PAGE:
It is not constant.. For 0 ohms there is different values and for 10 ohms is completely different values..it changes with different R7! The current source is a transmitter which gives 4mA and 20mA. No other specs:-(
     
  13. duke37

    duke37

    5,253
    726
    Jan 9, 2011
    This is how I envisage the thing should work.
    Diagram A shows the 4 to 20mA signal coming from an external source. No amp is needed, the voltage across the resistor will be 40 to 200mV and would go straight to the pic.

    If the transducer needs to be in the lower part of the loop then the amp is necessary to reference the voltage across the 10R relative to ground. See diagram B. A second op-amp is not necessary. The inputs to the op-amp must not rise above its supply.
     

    Attached Files:

  14. Resqueline

    Resqueline

    2,848
    1
    Jul 31, 2009
    Ok, well, presuming you've connected the devices properly (in series) then evidently the so-called current source is not a current source.
    Seriously, no spec's at all? The open circuit voltage is an important aspect, and having no common ground references (has to be floating) is another.
     
  15. sid2286

    sid2286

    102
    1
    Aug 24, 2011
    the current source is a 3 wire transmitter..it works on 24v and has a sensor attached. when there is a change in pressure/temperature the current changes, so basically for 4 mA is for normal condition and for maximum change it will be 20mA. but it can be anything (instrumentation device) which has a output of 4-20mA.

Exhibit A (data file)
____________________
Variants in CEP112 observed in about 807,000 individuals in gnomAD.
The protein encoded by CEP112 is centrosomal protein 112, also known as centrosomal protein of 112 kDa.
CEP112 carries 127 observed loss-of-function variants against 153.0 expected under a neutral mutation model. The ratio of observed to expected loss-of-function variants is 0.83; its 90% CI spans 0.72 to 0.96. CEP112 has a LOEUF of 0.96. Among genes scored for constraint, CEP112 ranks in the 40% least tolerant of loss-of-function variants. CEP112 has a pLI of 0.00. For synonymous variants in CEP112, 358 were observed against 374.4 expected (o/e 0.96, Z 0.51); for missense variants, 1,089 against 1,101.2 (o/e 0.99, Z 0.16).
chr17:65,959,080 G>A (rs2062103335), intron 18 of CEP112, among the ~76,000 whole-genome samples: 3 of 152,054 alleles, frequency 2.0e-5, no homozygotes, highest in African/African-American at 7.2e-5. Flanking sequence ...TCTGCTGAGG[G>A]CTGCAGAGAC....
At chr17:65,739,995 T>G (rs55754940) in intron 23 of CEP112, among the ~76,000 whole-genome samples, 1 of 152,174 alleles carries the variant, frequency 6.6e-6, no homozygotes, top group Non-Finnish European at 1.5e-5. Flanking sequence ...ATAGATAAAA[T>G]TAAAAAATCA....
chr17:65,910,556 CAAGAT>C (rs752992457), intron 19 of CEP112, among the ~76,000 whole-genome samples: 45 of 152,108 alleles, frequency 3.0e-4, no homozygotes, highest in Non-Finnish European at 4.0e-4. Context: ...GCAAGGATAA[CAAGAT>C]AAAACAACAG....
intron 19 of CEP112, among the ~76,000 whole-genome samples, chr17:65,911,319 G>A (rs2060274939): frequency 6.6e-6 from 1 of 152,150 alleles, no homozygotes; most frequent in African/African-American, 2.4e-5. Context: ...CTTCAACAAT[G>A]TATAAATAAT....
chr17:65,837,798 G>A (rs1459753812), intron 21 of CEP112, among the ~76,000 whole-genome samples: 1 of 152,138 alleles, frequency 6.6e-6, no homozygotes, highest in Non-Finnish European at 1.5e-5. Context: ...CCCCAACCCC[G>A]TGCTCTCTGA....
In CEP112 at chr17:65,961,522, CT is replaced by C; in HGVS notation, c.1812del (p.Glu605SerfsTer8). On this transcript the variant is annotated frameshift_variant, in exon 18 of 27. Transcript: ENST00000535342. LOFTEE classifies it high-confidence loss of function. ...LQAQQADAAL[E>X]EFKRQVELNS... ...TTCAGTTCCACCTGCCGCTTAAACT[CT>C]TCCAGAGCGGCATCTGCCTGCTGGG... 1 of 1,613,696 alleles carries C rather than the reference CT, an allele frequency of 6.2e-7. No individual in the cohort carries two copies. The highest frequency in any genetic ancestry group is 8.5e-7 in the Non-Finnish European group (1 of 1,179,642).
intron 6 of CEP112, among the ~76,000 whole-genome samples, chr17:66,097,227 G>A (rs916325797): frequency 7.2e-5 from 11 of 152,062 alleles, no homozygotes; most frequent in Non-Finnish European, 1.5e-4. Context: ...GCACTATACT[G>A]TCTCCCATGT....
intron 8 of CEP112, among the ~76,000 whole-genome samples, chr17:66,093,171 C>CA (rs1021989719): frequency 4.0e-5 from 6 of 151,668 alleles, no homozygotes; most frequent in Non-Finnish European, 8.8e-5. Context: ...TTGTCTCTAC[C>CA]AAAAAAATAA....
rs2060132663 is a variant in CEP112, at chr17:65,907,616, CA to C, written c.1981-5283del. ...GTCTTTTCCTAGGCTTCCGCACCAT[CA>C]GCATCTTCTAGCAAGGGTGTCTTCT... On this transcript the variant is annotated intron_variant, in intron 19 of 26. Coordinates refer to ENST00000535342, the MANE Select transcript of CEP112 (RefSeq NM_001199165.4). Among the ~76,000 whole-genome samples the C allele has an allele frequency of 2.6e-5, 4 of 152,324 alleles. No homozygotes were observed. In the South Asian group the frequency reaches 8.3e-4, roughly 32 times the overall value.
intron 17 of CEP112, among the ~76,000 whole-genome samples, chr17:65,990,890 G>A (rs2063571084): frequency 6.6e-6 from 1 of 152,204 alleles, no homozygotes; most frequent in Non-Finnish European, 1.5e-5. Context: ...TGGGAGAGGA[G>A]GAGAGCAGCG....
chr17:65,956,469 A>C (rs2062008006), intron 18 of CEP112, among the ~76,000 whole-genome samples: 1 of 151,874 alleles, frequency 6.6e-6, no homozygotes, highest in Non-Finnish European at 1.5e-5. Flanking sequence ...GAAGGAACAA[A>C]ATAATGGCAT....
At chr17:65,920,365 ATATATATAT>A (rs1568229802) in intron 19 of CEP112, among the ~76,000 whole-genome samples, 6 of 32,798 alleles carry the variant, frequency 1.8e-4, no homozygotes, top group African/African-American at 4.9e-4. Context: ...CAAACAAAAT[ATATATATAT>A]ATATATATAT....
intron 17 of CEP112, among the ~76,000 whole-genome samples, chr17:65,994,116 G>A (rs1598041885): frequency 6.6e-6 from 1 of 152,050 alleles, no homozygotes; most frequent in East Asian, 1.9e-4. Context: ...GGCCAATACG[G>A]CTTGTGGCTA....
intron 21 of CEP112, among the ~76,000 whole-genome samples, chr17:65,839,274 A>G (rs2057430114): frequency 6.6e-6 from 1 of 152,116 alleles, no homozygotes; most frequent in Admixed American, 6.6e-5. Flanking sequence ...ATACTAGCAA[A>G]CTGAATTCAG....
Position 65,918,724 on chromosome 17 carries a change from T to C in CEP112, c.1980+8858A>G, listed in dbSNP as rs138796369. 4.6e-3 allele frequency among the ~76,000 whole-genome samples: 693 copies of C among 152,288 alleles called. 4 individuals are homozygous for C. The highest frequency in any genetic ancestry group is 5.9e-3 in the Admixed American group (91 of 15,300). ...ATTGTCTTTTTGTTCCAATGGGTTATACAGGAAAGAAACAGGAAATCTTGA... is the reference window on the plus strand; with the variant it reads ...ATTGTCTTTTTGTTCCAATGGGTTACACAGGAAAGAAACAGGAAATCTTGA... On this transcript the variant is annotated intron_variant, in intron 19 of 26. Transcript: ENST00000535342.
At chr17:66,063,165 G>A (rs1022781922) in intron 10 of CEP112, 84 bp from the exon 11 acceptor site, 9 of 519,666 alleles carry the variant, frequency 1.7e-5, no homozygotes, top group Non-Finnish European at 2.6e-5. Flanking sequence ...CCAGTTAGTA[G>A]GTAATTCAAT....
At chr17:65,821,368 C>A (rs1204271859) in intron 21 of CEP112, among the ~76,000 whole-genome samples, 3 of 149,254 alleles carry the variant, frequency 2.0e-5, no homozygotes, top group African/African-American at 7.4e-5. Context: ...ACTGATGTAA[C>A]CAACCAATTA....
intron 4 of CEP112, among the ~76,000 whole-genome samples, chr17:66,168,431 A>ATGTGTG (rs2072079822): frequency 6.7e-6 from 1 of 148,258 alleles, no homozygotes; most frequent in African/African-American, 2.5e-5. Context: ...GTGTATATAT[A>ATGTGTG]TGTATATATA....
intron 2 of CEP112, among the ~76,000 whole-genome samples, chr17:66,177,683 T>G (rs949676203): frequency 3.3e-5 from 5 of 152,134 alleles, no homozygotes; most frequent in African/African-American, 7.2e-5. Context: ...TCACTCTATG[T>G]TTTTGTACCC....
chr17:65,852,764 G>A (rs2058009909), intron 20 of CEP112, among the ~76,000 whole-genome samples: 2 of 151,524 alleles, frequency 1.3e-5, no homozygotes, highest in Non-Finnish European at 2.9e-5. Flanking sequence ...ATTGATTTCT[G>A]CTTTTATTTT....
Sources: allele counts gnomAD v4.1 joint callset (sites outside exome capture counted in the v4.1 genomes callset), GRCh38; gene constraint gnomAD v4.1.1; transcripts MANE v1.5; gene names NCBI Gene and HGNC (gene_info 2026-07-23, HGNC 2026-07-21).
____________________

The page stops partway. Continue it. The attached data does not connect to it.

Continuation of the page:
So i simply wanted to make a device wherein, when it is normal (when i receive 4mA) i should display zero on display. and for maximum change it should be (say 100). for that to happen I should get a same A/D input for whatever load(R7)and also my R7 should receive 4-20mA as input.

    so basically my circuit should receive 4-20mA input display some reading and transmit the same 4-20mA as an output!
    with the circuit i made, i'm able to transmit the current as an output(current that I receive), but due to changing load I'm not able to give my A/D a stable input.


    thanks once again!
    SId
     
    Last edited: Aug 26, 2011
  16. JoeyAVR

    JoeyAVR

    16
    0
    Aug 25, 2011
    > everytime i change the load the input to A/D is different

    Google "ohm's law"

    You have said your current source can vary between 4 and 20mA, but nothing else. is it a variable constant current source (i.e. you select the current and it stays the same, regardless of load within certain voltage limits).

    If it isn't, changing the load resistance will change the current.

    If it is, and the ADC is inconsistent with what you expect the current to be, then you are using a load outside the limits of the current source (possibly too great a resistance and it can't generate a high enough voltage to get the required current).